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World New Mexican ambassador offers warning to Canadian companies in Mexico

Canadian mining companies operating in Mexico should be on notice that the sector is going to face increased scrutiny on its environmental practices and treatment of Indigenous people, according to the the country’s new ambassador to Ottawa.

“President [Andres Manuel] Lopez Obrador has been very public about this, that we really want a strong, profitable mining sector - and Canadian mining companies are large investors in Mexico - but we expect them to operate in this country with exactly the same standards as they do in Canada,” Juan Jose Gomez Camacho, who was ratified as the new ambassador on Thursday, said in an interview at the foreign affairs ministry in the Mexican capital.

Some 70 per cent of foreign-owned mining companies operating in Mexico are based in Canada, according to Global Affairs Canada. In 2015, Canadian firms held assets in Mexico totalling nearly US$20-billion.

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Mr. Gomez Camacho said enforcement of Mexico’s existing laws will be increased under the government of Mr. Lopez Obrador, a leftist who has made combating corruption a key part of the plan for his six years in office, and improving the welfare of Mexico’s poor another. “One area that is very important to us, in the case of the mining industry, is that we see a stronger, more robust impact on the socio-economic development of the communities where the mines are,” the ambassador said.

Part of this process is strengthening the rule of law in Mexico, he said, and “increasing the role of the state in making sure that the standards of operation in Mexico from foreign companies in this or any other sector are sustainable. ... But it’s also a self-discipline, it’s a question of companies’ values on how they operate."

Mr. Gomez Camacho, 54, is a career diplomat who most recently was Mexico’s ambassador to the United Nations. He is fluent in English and French, and shares Prime Minister Justin Trudeau’s fondness for stylish socks.

The most pressing file on Mr. Gomez Camacho’s desk when he gets to Ottawa will be the new United States-Mexico-Canada Agreement on trade, the text of which was completed nearly six months ago, but has yet to be ratified by the partners. The primary obstacle at this point is the U.S. Congress, where Democrats in the House of Representatives are reluctant to pass the Trump-led deal. The ambassador said Canada and Mexico are pursuing parallel strategies to lobby U.S. legislators, but that Mexico wants to see Canada’s Parliament pass the deal, too.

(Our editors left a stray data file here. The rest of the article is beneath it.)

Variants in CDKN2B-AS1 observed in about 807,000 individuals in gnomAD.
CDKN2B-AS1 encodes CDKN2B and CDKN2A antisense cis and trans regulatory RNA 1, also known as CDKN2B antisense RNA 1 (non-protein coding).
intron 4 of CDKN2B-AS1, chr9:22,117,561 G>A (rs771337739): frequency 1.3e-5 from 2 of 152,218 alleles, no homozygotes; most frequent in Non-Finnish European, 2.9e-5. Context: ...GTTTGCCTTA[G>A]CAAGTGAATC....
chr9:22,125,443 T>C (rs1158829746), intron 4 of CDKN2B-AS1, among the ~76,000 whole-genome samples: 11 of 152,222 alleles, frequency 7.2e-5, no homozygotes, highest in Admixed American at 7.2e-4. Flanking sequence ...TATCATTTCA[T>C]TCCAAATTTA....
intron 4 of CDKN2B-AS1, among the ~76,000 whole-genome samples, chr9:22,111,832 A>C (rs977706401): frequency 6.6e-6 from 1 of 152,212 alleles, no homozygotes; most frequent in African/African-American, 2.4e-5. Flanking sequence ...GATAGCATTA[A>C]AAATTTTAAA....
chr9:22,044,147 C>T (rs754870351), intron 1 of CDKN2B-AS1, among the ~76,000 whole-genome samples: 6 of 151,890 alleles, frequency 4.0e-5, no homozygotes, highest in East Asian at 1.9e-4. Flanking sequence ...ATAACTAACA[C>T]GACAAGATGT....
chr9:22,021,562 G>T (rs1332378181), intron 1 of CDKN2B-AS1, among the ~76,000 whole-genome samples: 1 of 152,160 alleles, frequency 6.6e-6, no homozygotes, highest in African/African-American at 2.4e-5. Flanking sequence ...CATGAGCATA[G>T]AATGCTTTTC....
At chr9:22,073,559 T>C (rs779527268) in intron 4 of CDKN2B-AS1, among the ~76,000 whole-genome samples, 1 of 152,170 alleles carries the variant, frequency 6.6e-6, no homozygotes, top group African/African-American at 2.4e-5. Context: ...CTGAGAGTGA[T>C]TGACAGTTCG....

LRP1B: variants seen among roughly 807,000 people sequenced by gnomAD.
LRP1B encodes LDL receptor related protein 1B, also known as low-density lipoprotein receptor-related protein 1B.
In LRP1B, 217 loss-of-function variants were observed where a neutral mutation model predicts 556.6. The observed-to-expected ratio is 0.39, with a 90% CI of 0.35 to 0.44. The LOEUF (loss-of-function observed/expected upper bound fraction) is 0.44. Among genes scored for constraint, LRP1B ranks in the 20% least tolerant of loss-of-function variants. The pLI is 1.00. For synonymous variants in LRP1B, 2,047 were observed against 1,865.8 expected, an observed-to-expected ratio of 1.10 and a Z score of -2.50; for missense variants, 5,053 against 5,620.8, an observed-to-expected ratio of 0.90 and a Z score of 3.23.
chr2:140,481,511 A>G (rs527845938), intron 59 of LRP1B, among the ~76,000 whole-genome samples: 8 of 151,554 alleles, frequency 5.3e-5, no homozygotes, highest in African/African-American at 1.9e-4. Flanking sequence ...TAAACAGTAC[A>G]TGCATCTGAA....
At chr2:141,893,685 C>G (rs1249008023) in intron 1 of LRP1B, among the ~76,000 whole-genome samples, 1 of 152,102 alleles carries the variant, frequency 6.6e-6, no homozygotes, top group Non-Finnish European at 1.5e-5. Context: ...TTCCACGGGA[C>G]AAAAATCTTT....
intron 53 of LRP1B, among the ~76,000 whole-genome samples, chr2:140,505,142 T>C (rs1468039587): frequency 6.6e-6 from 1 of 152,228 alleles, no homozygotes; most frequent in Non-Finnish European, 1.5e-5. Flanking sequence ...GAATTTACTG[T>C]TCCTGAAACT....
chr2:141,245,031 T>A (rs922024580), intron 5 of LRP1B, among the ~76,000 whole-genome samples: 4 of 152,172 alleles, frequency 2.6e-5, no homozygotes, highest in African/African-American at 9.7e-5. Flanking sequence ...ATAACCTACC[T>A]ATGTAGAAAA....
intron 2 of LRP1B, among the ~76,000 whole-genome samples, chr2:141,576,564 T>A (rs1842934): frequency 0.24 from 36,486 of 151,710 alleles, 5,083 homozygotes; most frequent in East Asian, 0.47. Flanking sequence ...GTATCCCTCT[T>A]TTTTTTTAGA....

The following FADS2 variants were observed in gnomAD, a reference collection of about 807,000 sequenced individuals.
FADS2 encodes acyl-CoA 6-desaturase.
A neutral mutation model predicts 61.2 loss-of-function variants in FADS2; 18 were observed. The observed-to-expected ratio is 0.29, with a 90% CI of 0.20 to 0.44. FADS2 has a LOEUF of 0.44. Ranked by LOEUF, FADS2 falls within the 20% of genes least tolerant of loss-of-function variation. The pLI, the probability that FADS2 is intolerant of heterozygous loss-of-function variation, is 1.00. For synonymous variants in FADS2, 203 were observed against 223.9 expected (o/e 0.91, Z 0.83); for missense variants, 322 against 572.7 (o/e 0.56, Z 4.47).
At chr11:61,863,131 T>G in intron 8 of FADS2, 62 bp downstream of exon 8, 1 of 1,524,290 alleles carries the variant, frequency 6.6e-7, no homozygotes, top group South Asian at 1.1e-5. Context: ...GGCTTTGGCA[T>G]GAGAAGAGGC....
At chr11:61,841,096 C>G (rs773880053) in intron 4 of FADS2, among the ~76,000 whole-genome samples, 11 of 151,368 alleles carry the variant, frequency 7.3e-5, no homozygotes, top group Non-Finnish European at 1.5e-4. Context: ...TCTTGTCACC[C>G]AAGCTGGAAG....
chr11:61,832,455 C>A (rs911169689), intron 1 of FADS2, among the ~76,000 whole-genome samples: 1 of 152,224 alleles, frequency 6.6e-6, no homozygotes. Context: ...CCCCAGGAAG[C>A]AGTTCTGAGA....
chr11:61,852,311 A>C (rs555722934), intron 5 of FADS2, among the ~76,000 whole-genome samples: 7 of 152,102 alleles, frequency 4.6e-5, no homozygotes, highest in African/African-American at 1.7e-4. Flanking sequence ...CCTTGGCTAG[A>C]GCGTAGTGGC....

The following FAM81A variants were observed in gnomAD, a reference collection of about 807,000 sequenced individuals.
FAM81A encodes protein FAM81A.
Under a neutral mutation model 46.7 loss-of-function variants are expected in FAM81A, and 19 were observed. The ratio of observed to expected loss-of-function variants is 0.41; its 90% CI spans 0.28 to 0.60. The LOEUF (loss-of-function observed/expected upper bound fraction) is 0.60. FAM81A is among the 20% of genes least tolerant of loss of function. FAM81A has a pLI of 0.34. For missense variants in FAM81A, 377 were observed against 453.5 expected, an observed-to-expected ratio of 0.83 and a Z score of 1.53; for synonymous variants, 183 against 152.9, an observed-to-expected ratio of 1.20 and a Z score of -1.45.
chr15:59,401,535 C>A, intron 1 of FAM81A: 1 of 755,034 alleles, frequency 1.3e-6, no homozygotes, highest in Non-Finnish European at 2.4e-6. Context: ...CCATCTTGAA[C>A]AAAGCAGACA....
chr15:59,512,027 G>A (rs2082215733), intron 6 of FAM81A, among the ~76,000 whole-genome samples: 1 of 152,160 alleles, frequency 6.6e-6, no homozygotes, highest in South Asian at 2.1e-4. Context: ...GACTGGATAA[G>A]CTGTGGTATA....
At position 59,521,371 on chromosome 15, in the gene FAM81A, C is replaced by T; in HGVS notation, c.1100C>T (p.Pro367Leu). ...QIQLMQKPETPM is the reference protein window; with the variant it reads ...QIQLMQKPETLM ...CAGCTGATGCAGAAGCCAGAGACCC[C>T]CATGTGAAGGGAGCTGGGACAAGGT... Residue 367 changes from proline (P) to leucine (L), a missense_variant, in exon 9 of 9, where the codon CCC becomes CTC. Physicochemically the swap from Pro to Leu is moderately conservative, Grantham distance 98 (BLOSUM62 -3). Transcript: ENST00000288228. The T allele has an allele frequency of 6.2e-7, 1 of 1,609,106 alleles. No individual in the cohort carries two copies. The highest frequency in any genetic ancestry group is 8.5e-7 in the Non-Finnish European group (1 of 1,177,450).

“We are having constant conversations between the three [countries], particularly Canada and Mexico are in constant conversation, to make sure that we consult each other and we try to be on the same page in this process,” Mr. Gomez Camacho said. “One of my most important tasks as soon as I get there is precisely to persuade ... the Canadian authorities to move forward in the ratification process. But in the end, the U.S. process and timing will define Canada’s and ours, so this is why it’s so important for us to really stay always in communication with our Canadian friends.”

While Canada and Mexico may be aligned in their approach to the trade deal, a wide gulf remains in their position on Venezuela, perhaps the second-most-pressing issue in the Americas. While Canada has taken a lead, within the Lima Group of countries, on pressing for political change in Venezuela, and immediately recognized Juan Guaido when he declared himself interim president in January, Mexico has not recognized him. Almost alone in the hemisphere, Mexico continues to call for negotiations between the government of Nicolas Maduro and the opposition led by Mr. Guaido.

“Only a politically negotiated outcome to the Venezuelan crisis can succeed - there should be no space for potential conflict because it could be very, very dangerous and very damaging,” said Mr. Gomez Camacho, who once headed the human rights division of Mexico’s foreign ministry. “So we are betting, and we will keep betting, on diplomacy. And to do that we need to continue to be a credible interlocutor to all actors in Venezuela. We see no viability in other opportunities that are not based on a political dialogue.”

Mr. Gomez Camacho said he feels it is a good time to be headed to Canada because of what he called the similarities in the political perspectives of Mr. Trudeau and Mr. Lopez Obrador, who was sworn in last Dec. 1. “There are very important similarities of vision and views between the Prime Minister and the President on social issues, environment, gender equality, migration, Indigenous issues, efficient energies” - all areas where the two countries can act as leaders, he said.

But he also hopes to do more to “even out” the triangle that is the North American relationship. Canada and Mexico, he said, “don’t know each other well enough."

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